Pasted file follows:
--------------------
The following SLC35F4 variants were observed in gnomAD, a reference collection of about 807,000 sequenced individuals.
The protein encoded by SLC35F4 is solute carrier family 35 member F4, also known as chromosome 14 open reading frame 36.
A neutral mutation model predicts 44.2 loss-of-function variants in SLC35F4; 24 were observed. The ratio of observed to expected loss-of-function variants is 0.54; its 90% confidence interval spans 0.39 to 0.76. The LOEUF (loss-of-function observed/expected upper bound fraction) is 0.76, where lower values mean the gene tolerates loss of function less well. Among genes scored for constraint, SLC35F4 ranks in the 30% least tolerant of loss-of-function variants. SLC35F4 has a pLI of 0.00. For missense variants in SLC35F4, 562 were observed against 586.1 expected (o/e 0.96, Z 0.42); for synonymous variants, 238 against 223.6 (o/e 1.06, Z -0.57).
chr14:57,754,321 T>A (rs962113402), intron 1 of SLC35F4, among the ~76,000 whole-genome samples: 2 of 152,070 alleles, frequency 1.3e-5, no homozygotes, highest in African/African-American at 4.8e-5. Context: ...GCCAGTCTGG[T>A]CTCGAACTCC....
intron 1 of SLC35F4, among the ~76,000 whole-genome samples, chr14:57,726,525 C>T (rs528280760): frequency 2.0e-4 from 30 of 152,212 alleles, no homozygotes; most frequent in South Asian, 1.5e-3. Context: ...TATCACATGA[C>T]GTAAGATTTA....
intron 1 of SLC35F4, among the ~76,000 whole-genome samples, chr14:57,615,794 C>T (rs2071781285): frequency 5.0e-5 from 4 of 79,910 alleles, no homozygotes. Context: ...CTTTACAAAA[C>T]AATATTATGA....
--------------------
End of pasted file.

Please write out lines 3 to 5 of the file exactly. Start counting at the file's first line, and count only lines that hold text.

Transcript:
A neutral mutation model predicts 44.2 loss-of-function variants in SLC35F4; 24 were observed. The ratio of observed to expected loss-of-function variants is 0.54; its 90% confidence interval spans 0.39 to 0.76. The LOEUF (loss-of-function observed/expected upper bound fraction) is 0.76, where lower values mean the gene tolerates loss of function less well. Among genes scored for constraint, SLC35F4 ranks in the 30% least tolerant of loss-of-function variants. SLC35F4 has a pLI of 0.00. For missense variants in SLC35F4, 562 were observed against 586.1 expected (o/e 0.96, Z 0.42); for synonymous variants, 238 against 223.6 (o/e 1.06, Z -0.57).
chr14:57,754,321 T>A (rs962113402), intron 1 of SLC35F4, among the ~76,000 whole-genome samples: 2 of 152,070 alleles, frequency 1.3e-5, no homozygotes, highest in African/African-American at 4.8e-5. Context: ...GCCAGTCTGG[T>A]CTCGAACTCC....
intron 1 of SLC35F4, among the ~76,000 whole-genome samples, chr14:57,726,525 C>T (rs528280760): frequency 2.0e-4 from 30 of 152,212 alleles, no homozygotes; most frequent in South Asian, 1.5e-3. Context: ...TATCACATGA[C>T]GTAAGATTTA....